John Muir


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Evidently these people did not suffer from the cold, as many of the houses had piles of reindeer skins that were not in use. Nor, although the survivors had neighbors of the dead all say when questions that they died of starvation, could they have fought hunger to the last, as a good deal of walrus raw hide was found in the houses which would have sustained life at least a little longer. The evidence as a whole goes to show that the winter of ’79-80 was one of great scarcity, and as these natives never lay up provisions from one year to another they suffered from famine and began to die. The first to succumb were carried out of the huts to the ordinary cemetery from half a mile to a mile away from the village. Then as the survivors became weaker they carried the dead a shorter distance and made no effort to mark their positions or deposit what belonged to them near the bodies, as they ordinarily do, until they were only dragged out of the huts and left within a few yards of them, and at length only thrown together in a heap in one corner. Then the last survivors in despair lay down in their reindeer beds and died quietly without making an attempt to prolong their wretched lives by eating the last scraps of skin, etc. Some 6 villages have thus been depopulated, all save one which was reduced to eating all their dogs, and a second village where about 20 persons survived. Altogether there are about 12 villages on the island and at present only two are now inhabited, one at the N.W. end with 400 inhabitants, and the other with 15, all the others, with the exception of perhaps 2, have been depopulated and are now mere ruins strewn with dead, not a single living soul near them, touched now only by wolves and foxes and mice, while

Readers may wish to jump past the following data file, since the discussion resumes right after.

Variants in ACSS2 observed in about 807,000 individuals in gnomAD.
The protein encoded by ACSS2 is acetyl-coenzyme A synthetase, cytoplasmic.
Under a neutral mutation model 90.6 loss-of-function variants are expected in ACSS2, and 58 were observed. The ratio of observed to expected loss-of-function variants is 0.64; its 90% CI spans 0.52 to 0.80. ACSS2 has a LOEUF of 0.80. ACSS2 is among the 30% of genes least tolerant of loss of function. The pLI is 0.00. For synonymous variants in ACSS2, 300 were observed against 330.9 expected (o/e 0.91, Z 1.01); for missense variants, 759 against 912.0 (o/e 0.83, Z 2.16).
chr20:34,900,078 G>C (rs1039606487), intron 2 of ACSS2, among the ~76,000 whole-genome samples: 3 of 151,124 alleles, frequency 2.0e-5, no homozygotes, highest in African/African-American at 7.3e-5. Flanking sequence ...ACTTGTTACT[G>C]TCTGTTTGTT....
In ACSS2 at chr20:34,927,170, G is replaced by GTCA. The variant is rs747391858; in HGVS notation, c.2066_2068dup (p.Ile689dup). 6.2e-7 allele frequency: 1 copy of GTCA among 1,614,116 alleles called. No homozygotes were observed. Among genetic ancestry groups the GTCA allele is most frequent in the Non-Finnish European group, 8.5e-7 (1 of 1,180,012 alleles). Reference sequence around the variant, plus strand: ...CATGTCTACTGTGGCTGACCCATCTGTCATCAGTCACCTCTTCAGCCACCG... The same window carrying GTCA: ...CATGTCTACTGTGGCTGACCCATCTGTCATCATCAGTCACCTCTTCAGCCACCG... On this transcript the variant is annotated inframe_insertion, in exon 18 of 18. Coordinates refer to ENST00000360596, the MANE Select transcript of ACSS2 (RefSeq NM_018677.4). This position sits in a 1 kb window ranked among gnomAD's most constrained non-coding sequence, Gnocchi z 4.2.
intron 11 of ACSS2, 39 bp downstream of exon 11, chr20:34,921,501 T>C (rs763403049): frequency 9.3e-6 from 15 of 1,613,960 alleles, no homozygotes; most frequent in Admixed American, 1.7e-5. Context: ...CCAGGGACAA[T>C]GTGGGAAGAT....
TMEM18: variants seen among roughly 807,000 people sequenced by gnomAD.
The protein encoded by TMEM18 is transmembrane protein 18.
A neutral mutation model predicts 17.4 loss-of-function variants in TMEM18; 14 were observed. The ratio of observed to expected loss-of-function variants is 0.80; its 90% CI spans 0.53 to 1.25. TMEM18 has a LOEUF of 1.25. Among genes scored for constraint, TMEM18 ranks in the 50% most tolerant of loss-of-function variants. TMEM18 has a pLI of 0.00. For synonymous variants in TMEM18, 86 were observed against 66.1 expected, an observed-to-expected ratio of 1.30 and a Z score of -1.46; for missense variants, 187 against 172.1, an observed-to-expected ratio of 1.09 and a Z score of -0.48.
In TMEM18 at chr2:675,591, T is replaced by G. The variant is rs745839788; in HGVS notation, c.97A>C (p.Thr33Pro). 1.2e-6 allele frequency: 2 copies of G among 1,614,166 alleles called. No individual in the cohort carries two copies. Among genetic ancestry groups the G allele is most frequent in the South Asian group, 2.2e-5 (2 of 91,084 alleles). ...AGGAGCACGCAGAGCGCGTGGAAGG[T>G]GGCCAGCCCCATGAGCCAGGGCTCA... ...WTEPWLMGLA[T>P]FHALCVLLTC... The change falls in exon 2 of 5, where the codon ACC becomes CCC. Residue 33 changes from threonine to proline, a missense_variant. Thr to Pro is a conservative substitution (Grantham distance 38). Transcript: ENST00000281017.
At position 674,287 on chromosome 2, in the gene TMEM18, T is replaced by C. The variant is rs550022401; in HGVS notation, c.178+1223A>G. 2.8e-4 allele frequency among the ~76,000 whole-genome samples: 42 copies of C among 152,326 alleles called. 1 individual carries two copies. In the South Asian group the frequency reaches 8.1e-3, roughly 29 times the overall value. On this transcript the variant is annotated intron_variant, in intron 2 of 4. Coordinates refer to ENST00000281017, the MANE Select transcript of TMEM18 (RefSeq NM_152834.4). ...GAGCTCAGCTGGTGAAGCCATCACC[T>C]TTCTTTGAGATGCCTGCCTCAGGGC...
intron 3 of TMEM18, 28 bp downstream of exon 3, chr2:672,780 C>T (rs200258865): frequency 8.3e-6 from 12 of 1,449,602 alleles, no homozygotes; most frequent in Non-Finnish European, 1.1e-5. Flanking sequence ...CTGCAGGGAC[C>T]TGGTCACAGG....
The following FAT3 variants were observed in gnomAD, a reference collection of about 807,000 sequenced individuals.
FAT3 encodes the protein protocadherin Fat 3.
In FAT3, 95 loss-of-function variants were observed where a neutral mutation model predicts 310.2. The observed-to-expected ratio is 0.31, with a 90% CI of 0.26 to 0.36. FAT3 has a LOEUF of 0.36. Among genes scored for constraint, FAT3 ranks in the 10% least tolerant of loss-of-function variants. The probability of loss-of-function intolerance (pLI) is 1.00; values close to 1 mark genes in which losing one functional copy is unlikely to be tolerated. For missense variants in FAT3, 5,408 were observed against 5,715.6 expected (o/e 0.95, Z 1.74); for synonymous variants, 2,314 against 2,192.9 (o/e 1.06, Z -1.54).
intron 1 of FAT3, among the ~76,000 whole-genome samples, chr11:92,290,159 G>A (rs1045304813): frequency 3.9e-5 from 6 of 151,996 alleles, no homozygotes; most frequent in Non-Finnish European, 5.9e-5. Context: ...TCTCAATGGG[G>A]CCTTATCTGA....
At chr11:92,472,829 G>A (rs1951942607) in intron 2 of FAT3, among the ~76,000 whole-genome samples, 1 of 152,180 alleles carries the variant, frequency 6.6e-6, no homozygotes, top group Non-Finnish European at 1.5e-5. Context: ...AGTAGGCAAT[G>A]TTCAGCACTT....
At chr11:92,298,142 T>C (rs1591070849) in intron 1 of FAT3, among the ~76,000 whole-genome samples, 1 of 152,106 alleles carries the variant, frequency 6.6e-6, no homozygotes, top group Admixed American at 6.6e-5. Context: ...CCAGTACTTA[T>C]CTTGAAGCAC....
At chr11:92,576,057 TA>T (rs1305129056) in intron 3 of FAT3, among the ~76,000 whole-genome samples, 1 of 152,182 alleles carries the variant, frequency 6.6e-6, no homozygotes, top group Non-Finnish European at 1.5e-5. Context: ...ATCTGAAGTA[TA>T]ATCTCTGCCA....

Date Original



Original journal dimensions: 11.5 x 21 cm.

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Holt-Atherton Special Collections, University of the Pacific Library

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John Muir, journals, drawings, writings, travel, journaling, naturalist